Low Iodine Intake from Dairy Foods Despite High Milk Iodine Content in Israel

Yaniv S. Ovadia, Dov Gefel, Nathalie Weizmann, Merav Raizman, Rebecca Goldsmith, Sameer J. Mabjeesh, Lisbeth Dahl, Aron M. Troen*

*Corresponding author for this work

Research output: Contribution to journalArticlepeer-review

10 Scopus citations


Background: Milk is a major source of iodine in human nutrition. Because both iodine content and the consumption of milk and dairy vary widely over time and populations, their contribution to iodine intake must be evaluated regularly. A recent national iodine survey found Israel's population to be mildly iodine deficient, possibly due to unmonitored changes in the food content of dietary iodine. Accounting for dairy iodine content can help guide efforts to prevent iodine deficiency. Objectives: This study aimed to determine the iodine concentration of dairy products typically consumed in the Israeli diet, and to estimate iodine intake from dairy products among Israeli adults. Methods: Iodine was analyzed in 33 selected dairy products that account for 89% of the total population's dairy intake according to the "MABAT" Israeli National Health and Nutrition survey. Based on these data, the distribution of iodine intake from milk, dairy, and dairy-based foods in the adult population was calculated. Results: Israeli milk is rich in iodine, with a mean concentration of 22 μg/100 g. However, due to low dairy consumption, the mean iodine intake from milk and dairy was only 34 μg/day (median 23 μg/day; range: 0-337 μg/day) or 22% of the recommended daily allowance. Self-reported intake among poor, male, and Arab subgroups was even lower. Conclusions: Because Israeli milk and dairy products are iodine rich, their contribution to the population's iodine intake would increase if they were consumed in greater amounts, particularly by high-risk groups. Dairy's potential contribution to iodine nutrition should be considered in recommendations for dairy consumption and iodine prophylaxis.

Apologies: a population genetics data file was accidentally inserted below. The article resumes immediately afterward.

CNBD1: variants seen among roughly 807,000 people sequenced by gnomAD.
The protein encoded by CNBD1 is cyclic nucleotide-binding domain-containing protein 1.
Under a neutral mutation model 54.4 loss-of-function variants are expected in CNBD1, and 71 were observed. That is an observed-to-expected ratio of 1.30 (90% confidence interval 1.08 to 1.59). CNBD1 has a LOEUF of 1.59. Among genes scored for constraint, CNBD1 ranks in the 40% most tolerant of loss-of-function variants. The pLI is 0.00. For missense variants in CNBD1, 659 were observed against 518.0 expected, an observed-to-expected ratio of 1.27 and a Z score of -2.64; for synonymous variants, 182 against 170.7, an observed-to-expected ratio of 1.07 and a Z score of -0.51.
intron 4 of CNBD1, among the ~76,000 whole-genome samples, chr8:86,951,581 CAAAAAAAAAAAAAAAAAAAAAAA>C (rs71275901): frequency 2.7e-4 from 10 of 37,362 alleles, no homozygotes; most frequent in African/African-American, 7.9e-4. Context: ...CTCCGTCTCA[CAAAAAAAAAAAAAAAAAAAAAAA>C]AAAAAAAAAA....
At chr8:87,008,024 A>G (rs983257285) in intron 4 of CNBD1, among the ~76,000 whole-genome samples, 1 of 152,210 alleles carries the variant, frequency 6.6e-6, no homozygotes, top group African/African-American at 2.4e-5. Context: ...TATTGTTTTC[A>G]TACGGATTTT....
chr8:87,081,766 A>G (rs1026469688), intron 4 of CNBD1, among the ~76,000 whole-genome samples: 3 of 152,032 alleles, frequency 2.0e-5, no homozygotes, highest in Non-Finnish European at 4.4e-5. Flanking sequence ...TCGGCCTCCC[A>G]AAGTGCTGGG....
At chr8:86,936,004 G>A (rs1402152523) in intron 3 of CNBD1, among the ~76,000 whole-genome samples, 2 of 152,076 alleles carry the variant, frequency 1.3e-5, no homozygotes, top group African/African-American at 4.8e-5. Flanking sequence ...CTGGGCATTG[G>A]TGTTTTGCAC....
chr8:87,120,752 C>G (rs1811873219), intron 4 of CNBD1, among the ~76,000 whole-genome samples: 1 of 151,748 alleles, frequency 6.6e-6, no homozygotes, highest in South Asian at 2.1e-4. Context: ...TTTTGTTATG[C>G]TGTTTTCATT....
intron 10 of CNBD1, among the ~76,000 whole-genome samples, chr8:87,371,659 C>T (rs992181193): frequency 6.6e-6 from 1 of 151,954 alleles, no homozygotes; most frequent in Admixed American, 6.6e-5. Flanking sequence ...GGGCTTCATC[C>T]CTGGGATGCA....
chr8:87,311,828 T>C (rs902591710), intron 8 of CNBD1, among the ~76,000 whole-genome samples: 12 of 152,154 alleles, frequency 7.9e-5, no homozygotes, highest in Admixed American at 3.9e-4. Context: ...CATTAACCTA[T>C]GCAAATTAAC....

Original languageAmerican English
Pages (from-to)1042-1051
Number of pages10
Issue number8
StatePublished - Aug 2018

Bibliographical note

Funding Information:
We are indebted to Dr. Lia Supino from Maccabi Healthcare Services for assistance with data handling. This study was supported by grant no. 3-0000-11150 from the Israeli Ministry of Health Chief Scientist Office, which administers the scientific grant review process and allocation of funds provided in trust by the Israeli Dairy Board. Partial support was also provided by Israeli Ministry of Health Chief Scientist Office grant no. 3-00000-12821 and by the European Union’s Horizon 2020 research and innovation programme under ‘‘EUThyroid’’ (grant no. 634453).

Publisher Copyright:
© Copyright 2018, Mary Ann Liebert, Inc. 2018.


  • dairy
  • iodine
  • iodine deficiency disorders
  • milk
  • nutrition
  • thyroid


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